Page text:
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Weighing Experience: Experimental Histories and Francis Bacon's Quantitative Program

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Weighing of experience was a central concern of what Bacon called the "literate" stage of experimentation. As early as 1608, Bacon devised precise tenets for standard, quantitative reporting of experiments. These ideas were later integrated into his experimental histories proper. Bacon's enquiry of dense and rare is the best example of experientia literata developed in a quantitative fashion. I suggest that Bacon's ideas on this issue can be tied to experiments for the determination of specific gravities born in a monetary context: Bacon's investigation was very likely a generalization of Jean Bodin's experiments in Universae naturae theatrum (1596). Overall, Bacon's program of quantification calls for a revision of established historiographical notions, especially Thomas Kuhn's sharp dichotomy between a mathematical and a Baconian experimental tradition in seventeenth-century science.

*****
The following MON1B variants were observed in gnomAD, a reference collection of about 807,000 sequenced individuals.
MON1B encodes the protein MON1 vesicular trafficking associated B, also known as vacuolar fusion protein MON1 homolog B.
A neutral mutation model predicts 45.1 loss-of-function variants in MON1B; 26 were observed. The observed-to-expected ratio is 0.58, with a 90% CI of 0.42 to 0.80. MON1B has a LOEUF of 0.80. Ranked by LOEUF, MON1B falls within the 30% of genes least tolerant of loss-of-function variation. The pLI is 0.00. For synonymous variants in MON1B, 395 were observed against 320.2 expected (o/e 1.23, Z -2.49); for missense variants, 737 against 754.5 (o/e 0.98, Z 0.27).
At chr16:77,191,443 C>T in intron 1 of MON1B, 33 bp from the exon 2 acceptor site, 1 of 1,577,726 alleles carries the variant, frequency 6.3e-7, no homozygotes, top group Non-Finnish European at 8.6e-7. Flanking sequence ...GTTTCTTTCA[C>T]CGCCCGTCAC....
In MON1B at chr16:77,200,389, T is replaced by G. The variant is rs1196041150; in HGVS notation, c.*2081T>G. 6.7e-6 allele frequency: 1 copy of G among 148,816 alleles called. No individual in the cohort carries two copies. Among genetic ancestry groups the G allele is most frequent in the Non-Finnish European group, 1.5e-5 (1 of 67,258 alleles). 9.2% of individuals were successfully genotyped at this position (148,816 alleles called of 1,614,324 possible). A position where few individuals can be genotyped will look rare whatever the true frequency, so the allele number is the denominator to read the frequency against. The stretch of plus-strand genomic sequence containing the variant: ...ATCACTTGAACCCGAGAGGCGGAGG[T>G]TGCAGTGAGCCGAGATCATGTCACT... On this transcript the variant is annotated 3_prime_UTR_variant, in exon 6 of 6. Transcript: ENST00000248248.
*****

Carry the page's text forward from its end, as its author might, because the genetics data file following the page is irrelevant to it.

Affiliations: 1: Department of History, University of Sussex, Brighton, BN1 9RH, United Kingdom


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